Factors influencing the Region’s values
The fastest population growth will continue to be in the coastal regional centres of the catchment.19 The Gladstone and Isaac local government areas are expected to expand particularly rapidly, due to increased activity in the resources sector.17 In contrast, the population of Charters Towers, an inland regional centre, is projected to remain static over the next 25 years.17 With an increasing population comes intensification of coastal development in urban areas to accommodate residents and provide supporting services. For example, Townsville’s population is projected to grow to 314,000 by 2036.17 As a result, its number of dwellings is predicted to increase from an estimated 71,000 in 2011 to about 130,500 over the 35 years.20 Population growth is likely to increase use of the Region, indicated by increasing vessel ownership in the catchment21 (see Figure 5.19). In turn, there is likely to be increasing demand for coastal infrastructure to access the Region (for example, roads, marinas and boat ramps) including in previously undeveloped sections of the coast. New residents moving into coastal areas adjacent to the Region may have less knowledge of its management arrangements than longer term residents, although this is yet to be quantified.
6.2.3 Technological development
Technological development refers to the application of knowledge to create tools to solve specific social, economic or environmental problems. Technological advances have brought major changes to the way people communicate, work, learn, travel and spend leisure time. Technology has changed understanding, management and use of the Region. It can drive both positive and negative changes. Examples of its influence include: • Global positioning systems allow safer navigation of the Reef and the ability to more reliably locate sites and share locations with others. This technology also provides opportunities for sharing spatial information about the Reef and how it is used, and is providing an increasing number of spatial datasets for management. • Researchers use state-of-the-art satellite imagery, oceanographic instruments, laboratory equipment, numerical modelling and portable weather stations to better understand, explain and predict changes in Reef condition and the factors that affect it, significantly improving understanding of the Region and contributing to its management. • The combination of depth sounders and global positioning systems have improved fishers’ ability to find fish, accurately relocate previous fishing sites and target deep shoals, wrecks and fish aggregation areas. • In the catchment, advances in farming technology are reducing the use of fertilisers and pesticides, and reducing soil disturbance and erosion. This is helping to slow and reverse negative trends in Reef water quality with economic benefits for farmers.22,23 • Continuing advances in communication technology have resulted in increased education, awareness and involvement of the public in environmental monitoring of the Region, for example through use of the Eye on the Reef smart phone application. Into the future, technological developments which better guide and monitor shipping traffic, enhance visitor experiences, reduce carbon emissions, monitor Reef use, spatially represent values and impacts, and contribute to the collective understanding of the Reef, will enable the environment to be better protected and managed. Changing vessel and navigational technology is likely to change the spatial patterns of fishing, tourism and recreational use, including allowing vessels to safely reach new, more distant locations and better focus their use on preferred locations.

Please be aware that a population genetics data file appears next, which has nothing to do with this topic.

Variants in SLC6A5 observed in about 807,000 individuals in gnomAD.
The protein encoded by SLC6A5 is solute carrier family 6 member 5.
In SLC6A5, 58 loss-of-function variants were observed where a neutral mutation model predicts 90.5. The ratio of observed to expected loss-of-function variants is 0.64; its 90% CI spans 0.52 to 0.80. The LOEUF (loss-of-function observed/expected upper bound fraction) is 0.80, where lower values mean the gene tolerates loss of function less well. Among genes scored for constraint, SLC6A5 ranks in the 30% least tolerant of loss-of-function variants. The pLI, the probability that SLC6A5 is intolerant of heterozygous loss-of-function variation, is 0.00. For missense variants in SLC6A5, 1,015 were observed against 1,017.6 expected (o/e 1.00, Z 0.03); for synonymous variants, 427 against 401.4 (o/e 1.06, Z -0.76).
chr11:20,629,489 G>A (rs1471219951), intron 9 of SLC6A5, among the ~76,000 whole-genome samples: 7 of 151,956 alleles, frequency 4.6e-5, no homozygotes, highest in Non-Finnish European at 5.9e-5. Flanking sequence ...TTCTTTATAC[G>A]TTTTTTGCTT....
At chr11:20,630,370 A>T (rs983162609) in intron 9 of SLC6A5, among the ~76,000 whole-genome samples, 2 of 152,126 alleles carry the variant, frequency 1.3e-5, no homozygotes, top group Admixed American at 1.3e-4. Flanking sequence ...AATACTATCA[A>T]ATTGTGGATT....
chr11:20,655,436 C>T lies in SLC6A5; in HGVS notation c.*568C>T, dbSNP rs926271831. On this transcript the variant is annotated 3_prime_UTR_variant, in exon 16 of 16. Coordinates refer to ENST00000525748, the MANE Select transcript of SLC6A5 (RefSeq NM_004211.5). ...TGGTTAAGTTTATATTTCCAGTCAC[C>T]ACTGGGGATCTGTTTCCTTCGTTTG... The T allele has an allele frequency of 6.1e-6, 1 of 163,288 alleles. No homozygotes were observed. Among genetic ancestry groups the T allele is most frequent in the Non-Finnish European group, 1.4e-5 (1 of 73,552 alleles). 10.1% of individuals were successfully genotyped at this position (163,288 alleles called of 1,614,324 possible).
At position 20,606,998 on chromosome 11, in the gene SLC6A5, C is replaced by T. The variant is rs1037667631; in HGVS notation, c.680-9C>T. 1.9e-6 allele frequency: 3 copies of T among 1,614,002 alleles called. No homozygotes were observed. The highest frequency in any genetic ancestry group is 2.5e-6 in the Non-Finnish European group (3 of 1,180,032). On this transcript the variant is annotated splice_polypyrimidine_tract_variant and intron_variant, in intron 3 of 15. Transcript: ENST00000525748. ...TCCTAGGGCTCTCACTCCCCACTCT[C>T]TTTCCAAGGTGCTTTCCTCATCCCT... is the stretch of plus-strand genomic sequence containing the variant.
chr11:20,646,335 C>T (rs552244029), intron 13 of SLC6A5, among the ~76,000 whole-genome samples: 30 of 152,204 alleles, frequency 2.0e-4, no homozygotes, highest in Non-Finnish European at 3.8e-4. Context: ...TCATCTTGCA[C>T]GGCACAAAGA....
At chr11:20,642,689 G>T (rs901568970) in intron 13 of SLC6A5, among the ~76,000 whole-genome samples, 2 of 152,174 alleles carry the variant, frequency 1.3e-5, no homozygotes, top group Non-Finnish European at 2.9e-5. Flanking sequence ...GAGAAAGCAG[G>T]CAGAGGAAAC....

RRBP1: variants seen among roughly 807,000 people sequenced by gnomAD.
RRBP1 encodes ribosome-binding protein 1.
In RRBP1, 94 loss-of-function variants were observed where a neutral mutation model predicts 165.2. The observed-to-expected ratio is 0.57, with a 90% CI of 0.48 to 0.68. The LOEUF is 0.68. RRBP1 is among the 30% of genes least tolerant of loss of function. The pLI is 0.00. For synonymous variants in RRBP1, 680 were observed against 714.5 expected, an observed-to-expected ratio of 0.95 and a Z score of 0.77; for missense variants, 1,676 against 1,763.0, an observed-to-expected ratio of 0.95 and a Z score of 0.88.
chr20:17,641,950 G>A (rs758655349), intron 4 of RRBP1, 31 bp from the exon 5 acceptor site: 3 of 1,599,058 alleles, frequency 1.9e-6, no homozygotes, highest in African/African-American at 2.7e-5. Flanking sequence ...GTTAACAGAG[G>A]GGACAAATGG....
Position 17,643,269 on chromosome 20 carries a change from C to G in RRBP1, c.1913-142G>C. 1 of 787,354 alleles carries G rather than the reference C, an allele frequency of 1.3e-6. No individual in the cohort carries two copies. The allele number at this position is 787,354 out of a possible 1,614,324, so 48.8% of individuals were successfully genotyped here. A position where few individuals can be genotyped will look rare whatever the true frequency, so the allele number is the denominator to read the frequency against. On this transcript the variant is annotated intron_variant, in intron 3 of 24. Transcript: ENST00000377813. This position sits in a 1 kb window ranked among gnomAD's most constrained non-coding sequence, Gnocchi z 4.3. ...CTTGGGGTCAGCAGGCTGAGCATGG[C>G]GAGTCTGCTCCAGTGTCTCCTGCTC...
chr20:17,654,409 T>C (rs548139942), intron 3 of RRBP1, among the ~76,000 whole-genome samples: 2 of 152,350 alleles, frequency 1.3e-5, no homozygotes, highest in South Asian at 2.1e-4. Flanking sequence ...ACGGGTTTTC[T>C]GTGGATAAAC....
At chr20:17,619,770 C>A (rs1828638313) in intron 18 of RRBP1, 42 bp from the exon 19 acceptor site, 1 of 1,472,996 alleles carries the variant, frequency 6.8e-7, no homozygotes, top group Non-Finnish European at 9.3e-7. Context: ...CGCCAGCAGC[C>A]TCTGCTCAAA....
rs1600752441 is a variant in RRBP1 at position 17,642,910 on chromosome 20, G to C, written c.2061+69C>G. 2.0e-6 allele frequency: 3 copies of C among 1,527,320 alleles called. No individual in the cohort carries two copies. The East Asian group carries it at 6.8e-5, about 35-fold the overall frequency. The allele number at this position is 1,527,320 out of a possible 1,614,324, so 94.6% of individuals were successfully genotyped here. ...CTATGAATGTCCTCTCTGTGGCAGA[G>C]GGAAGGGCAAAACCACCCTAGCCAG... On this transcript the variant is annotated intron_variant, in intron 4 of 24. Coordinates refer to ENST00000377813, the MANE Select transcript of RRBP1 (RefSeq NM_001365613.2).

Technology has changed understanding, management and use of the Region.
6.2.4 Societal attitudes